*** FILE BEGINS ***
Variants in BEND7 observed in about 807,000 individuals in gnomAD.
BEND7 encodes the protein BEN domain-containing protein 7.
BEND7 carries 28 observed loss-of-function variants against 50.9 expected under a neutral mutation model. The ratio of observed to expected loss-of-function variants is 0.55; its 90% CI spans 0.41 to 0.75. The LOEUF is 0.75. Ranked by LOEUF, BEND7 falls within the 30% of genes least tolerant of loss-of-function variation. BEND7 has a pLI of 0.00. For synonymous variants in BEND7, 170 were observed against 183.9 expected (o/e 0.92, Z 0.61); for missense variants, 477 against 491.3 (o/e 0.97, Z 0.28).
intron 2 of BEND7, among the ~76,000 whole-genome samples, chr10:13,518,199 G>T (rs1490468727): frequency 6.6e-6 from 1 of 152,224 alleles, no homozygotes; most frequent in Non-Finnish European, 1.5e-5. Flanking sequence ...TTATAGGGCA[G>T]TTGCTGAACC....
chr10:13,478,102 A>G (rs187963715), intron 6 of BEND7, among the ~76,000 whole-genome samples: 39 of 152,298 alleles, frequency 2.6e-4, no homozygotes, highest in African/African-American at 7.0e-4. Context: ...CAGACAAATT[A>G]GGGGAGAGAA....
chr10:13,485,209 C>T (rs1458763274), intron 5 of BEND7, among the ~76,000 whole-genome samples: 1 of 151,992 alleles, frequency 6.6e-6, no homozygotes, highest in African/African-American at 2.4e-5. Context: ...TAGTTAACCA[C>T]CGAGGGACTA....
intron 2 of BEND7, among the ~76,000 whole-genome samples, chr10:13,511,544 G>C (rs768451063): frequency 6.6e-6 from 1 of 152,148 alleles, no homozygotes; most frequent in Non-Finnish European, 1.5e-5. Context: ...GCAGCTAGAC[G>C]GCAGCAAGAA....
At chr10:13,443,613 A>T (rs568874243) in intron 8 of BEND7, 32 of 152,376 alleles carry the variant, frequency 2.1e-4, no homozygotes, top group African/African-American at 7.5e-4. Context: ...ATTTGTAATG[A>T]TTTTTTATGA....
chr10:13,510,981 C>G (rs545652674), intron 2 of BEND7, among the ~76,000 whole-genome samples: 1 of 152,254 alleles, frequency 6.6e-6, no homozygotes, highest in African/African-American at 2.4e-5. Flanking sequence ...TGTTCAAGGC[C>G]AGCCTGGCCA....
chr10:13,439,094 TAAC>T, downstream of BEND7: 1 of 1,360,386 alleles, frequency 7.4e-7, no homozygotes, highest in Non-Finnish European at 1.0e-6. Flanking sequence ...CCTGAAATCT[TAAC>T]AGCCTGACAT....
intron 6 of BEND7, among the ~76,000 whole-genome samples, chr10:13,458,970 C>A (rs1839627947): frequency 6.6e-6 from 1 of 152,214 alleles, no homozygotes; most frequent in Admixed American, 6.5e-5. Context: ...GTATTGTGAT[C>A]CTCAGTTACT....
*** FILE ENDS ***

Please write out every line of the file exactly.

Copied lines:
Variants in BEND7 observed in about 807,000 individuals in gnomAD.
BEND7 encodes the protein BEN domain-containing protein 7.
BEND7 carries 28 observed loss-of-function variants against 50.9 expected under a neutral mutation model. The ratio of observed to expected loss-of-function variants is 0.55; its 90% CI spans 0.41 to 0.75. The LOEUF is 0.75. Ranked by LOEUF, BEND7 falls within the 30% of genes least tolerant of loss-of-function variation. BEND7 has a pLI of 0.00. For synonymous variants in BEND7, 170 were observed against 183.9 expected (o/e 0.92, Z 0.61); for missense variants, 477 against 491.3 (o/e 0.97, Z 0.28).
intron 2 of BEND7, among the ~76,000 whole-genome samples, chr10:13,518,199 G>T (rs1490468727): frequency 6.6e-6 from 1 of 152,224 alleles, no homozygotes; most frequent in Non-Finnish European, 1.5e-5. Flanking sequence ...TTATAGGGCA[G>T]TTGCTGAACC....
chr10:13,478,102 A>G (rs187963715), intron 6 of BEND7, among the ~76,000 whole-genome samples: 39 of 152,298 alleles, frequency 2.6e-4, no homozygotes, highest in African/African-American at 7.0e-4. Context: ...CAGACAAATT[A>G]GGGGAGAGAA....
chr10:13,485,209 C>T (rs1458763274), intron 5 of BEND7, among the ~76,000 whole-genome samples: 1 of 151,992 alleles, frequency 6.6e-6, no homozygotes, highest in African/African-American at 2.4e-5. Context: ...TAGTTAACCA[C>T]CGAGGGACTA....
intron 2 of BEND7, among the ~76,000 whole-genome samples, chr10:13,511,544 G>C (rs768451063): frequency 6.6e-6 from 1 of 152,148 alleles, no homozygotes; most frequent in Non-Finnish European, 1.5e-5. Context: ...GCAGCTAGAC[G>C]GCAGCAAGAA....
At chr10:13,443,613 A>T (rs568874243) in intron 8 of BEND7, 32 of 152,376 alleles carry the variant, frequency 2.1e-4, no homozygotes, top group African/African-American at 7.5e-4. Context: ...ATTTGTAATG[A>T]TTTTTTATGA....
chr10:13,510,981 C>G (rs545652674), intron 2 of BEND7, among the ~76,000 whole-genome samples: 1 of 152,254 alleles, frequency 6.6e-6, no homozygotes, highest in African/African-American at 2.4e-5. Flanking sequence ...TGTTCAAGGC[C>G]AGCCTGGCCA....
chr10:13,439,094 TAAC>T, downstream of BEND7: 1 of 1,360,386 alleles, frequency 7.4e-7, no homozygotes, highest in Non-Finnish European at 1.0e-6. Flanking sequence ...CCTGAAATCT[TAAC>T]AGCCTGACAT....
intron 6 of BEND7, among the ~76,000 whole-genome samples, chr10:13,458,970 C>A (rs1839627947): frequency 6.6e-6 from 1 of 152,214 alleles, no homozygotes; most frequent in Admixed American, 6.5e-5. Context: ...GTATTGTGAT[C>A]CTCAGTTACT....